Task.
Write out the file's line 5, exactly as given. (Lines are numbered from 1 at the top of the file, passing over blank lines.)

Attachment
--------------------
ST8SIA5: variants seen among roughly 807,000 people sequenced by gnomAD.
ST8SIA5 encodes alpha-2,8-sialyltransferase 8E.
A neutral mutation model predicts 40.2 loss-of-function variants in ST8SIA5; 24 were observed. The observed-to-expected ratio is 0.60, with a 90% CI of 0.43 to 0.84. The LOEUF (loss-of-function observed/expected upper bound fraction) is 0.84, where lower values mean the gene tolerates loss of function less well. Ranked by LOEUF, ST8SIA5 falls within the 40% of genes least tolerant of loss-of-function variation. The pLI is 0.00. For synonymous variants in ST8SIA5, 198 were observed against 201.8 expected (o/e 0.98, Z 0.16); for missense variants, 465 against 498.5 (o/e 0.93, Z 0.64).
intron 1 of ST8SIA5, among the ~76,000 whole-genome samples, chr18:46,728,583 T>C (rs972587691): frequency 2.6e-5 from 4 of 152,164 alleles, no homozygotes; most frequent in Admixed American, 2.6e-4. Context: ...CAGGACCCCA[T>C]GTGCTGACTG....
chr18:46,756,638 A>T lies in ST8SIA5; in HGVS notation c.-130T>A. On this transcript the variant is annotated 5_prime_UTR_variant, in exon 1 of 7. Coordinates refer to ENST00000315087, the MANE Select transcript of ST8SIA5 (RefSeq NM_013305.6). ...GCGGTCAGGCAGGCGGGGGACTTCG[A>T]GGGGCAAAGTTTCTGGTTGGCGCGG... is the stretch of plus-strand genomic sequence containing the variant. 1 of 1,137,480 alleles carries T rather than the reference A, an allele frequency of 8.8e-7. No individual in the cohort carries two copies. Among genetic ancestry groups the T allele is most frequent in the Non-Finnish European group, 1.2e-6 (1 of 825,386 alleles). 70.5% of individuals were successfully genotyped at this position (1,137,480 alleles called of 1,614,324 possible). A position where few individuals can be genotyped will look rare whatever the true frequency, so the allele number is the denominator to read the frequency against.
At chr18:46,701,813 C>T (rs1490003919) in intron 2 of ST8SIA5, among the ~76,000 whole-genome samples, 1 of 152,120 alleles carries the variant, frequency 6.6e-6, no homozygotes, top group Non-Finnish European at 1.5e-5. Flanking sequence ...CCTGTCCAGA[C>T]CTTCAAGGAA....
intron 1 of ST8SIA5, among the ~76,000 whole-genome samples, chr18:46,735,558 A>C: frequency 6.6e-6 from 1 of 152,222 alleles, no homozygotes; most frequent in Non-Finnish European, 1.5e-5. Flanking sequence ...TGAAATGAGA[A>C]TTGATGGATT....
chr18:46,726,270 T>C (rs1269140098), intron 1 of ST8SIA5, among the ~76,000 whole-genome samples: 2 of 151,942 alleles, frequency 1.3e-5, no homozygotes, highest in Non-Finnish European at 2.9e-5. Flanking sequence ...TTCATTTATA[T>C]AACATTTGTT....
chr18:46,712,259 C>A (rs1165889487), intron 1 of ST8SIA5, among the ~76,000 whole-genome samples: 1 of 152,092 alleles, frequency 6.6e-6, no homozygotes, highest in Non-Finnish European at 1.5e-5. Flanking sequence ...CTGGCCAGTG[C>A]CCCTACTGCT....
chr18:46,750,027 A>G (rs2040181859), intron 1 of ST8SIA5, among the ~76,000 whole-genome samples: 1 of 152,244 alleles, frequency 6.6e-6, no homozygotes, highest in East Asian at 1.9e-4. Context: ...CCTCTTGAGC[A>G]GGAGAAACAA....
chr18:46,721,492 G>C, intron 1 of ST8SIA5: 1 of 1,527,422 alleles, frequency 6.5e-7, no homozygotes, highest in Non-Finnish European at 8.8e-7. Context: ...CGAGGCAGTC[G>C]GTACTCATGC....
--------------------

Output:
chr18:46,756,638 A>T lies in ST8SIA5; in HGVS notation c.-130T>A. On this transcript the variant is annotated 5_prime_UTR_variant, in exon 1 of 7. Coordinates refer to ENST00000315087, the MANE Select transcript of ST8SIA5 (RefSeq NM_013305.6). ...GCGGTCAGGCAGGCGGGGGACTTCG[A>T]GGGGCAAAGTTTCTGGTTGGCGCGG... is the stretch of plus-strand genomic sequence containing the variant. 1 of 1,137,480 alleles carries T rather than the reference A, an allele frequency of 8.8e-7. No individual in the cohort carries two copies. Among genetic ancestry groups the T allele is most frequent in the Non-Finnish European group, 1.2e-6 (1 of 825,386 alleles). 70.5% of individuals were successfully genotyped at this position (1,137,480 alleles called of 1,614,324 possible). A position where few individuals can be genotyped will look rare whatever the true frequency, so the allele number is the denominator to read the frequency against.